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New Research Finds Asbestos in Talc Commonly Used Across Southeast Asia

City street in India

March 20, 2019

The public health risks associated with talcum powder containing asbestos have been widely explored in the United States, especially links with cancer. The latest work from Arthur Frank, PhD, a professor in the department of Environmental and Occupational Health at Drexel’s Dornsife School of Public Health, has now found a similar risk in Southeast Asia. 

In new research, to be published this week in the American Journal of Industrial Medicine, Frank, along with Indian and United State colleagues, initially examined five popular talc products commonly used in India and other parts of Southeast Asia. One powder was found to contain tremolite asbestos. A second group of eight products was tested and six were found to contain tremolite asbestos. Frank concluded “large quantities of body talc products containing asbestos are used throughout Southeast Asia and are likely to pose a clear public health risk for asbestos-related diseases,” such as cancer.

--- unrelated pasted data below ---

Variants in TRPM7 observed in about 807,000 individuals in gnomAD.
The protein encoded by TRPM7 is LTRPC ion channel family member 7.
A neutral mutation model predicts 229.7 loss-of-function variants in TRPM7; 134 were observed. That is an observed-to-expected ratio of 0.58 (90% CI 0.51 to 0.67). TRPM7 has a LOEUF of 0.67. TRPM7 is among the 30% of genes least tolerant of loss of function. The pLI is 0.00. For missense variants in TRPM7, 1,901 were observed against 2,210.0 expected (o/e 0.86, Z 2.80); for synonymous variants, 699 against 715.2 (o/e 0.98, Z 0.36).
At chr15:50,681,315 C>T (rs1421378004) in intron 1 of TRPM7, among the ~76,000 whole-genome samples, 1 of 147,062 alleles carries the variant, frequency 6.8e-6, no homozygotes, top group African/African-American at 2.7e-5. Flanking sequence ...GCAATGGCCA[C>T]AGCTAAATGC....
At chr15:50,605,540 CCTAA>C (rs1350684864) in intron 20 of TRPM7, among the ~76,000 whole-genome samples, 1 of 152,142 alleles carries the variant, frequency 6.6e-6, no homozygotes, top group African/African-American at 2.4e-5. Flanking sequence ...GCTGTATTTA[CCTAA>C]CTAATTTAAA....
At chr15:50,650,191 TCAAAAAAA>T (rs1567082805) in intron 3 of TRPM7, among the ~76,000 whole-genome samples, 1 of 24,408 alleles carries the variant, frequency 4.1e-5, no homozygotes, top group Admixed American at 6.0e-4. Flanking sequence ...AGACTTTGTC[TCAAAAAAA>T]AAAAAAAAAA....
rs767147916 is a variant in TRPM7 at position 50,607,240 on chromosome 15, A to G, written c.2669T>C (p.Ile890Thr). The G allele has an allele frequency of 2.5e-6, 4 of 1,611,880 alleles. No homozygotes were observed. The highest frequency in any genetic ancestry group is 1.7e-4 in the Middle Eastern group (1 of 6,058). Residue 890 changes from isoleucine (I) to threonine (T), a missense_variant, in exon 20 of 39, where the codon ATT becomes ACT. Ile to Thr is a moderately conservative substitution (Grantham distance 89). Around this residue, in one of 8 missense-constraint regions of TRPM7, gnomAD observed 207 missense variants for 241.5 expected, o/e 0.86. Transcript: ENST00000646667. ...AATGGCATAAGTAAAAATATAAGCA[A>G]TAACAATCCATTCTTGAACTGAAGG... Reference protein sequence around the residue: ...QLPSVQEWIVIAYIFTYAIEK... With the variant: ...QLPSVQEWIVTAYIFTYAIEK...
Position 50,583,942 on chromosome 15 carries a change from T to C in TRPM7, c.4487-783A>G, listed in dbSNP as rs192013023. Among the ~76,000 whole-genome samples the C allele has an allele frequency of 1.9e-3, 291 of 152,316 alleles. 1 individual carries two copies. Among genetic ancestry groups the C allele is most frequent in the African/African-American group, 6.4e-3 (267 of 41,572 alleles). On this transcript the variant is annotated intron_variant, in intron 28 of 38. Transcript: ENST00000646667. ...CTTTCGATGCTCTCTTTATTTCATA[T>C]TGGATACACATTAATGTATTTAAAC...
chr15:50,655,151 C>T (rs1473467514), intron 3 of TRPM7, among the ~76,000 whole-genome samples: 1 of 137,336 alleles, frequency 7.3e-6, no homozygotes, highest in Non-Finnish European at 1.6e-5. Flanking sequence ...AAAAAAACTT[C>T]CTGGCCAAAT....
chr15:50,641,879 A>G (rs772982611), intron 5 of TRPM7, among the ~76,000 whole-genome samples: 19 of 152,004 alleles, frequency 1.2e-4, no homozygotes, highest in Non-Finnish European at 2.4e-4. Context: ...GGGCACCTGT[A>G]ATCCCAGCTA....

Tremolite asbestos has also been found in talc and other mineral deposits in the United States, as well as play sand used by children. In Southeast Asia, the tested products are most often used by adults dealing with extreme heat and humidity. “The risks of asbestos-contaminated talc include cancers such as lung, mesothelioma, ovarian, laryngeal and others,” Frank says. “Asbestos and talc can also cause non-malignant fibrotic changes in the lung.” Ovarian cancer is also said to be common in parts of Southeast Asia.

“Given the growing concern about asbestos in talc products, the implications of such exposures for hundreds of millions of Indians represents a significant public health problem,” Frank says. “There should be moves by the Indian government to force testing and prove that talc products sold are free of asbestos.”